“You are, you’re always on your phone. You look at it as soon as you wake up and last thing before you go to bed. You watch TV with it in your hand. We can be right in the middle of talking and then there’s that alert sound and you go straight to it. You even unplug my phone before it’s charged up so you can charge up yours, which is really annoying. You’re definitely addicted!”
That was my son lecturing me the other day.
Obviously, he’s completely wrong. Obviously, I use my phone for all sorts of essential tasks.
Phone calls, email, messages, Facetime.
Looking things up. Answering his questions. Seeing what the weather’s going to be like. Finding out what a song is on the radio. Checking the wave height on Watergate Bay.
Getting places on the train, bus, taxi and car. Parking when I get there.
Taking photos. Filming videos.
Waking us all up in the morning.
Banking (I don’t, actually, I prefer my computer).
Using the torch to check the meter reading.
Tuning my guitar.
Seeing if something’s sold on Ebay.
Checking the time. And the date.
Making a note of an idea.
Getting a voucher in Pizza Express.
When he told me off, though, I think I was just on LinkedIn. I do love LinkedIn. Every day I find something interesting to read there.
Plus it’s a great ego ramp. Sorry, mental-availability-maintaining content-marketing tool.
Or maybe I was on the BBC site, seeing if anything important had happened in the world in the last hour.
Or maybe it was YouTube and I was watching…something.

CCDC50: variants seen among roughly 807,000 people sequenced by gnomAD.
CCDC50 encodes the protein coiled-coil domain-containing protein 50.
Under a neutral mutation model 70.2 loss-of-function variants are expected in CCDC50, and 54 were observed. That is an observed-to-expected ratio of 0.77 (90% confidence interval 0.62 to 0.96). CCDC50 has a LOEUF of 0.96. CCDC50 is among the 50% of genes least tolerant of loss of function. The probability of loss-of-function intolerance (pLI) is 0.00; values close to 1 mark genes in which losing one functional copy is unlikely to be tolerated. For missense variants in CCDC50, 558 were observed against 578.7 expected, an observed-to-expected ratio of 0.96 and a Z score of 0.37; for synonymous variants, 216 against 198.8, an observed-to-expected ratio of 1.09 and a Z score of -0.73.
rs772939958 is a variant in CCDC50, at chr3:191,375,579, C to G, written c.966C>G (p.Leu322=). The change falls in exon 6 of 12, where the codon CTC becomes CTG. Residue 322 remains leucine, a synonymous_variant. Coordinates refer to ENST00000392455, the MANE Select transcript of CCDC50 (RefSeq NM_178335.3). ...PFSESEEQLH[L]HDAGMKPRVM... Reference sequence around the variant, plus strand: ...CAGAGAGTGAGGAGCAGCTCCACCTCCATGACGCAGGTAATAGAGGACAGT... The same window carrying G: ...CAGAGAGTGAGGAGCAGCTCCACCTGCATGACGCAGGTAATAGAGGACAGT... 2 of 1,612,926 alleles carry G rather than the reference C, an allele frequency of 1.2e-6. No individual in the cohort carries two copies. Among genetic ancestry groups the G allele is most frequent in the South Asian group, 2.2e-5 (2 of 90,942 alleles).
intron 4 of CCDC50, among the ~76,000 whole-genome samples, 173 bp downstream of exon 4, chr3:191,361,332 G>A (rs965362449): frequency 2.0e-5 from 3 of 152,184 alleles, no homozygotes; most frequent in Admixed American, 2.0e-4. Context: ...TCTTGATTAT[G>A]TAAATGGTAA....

It wouldn’t have been Facebook, I don’t do Facebook. Or Instagram. But it might have been Twitter.
Definitely wasn’t a game. My phone has loads on it from when the children were younger and we, extremely occasionally, used phones like a tech dummy. But I don’t play. Temple Run was as far as I ever got. I wouldn’t make it to the ground on Fortnite.
Anyway, I can’t be addicted because I don’t have an addictive personality. I didn’t have a glass of wine last night.
Unless I do, of course. Unless we all have one, hidden away down there in the murky depths.
And that’s what phones have done so brilliantly. Like the Sentinels in the Matrix, they’ve searched it out.
So now we’re all hooked. We look to our phones to fill every tiny little gap that opens up in our day. Boredom is no longer tolerated.
So maybe, just maybe, my son is right. It’s not children who have the problem with technology, it’s their parents.
We never saw it coming. But they have.
Nah, what does he know? He’s only eleven.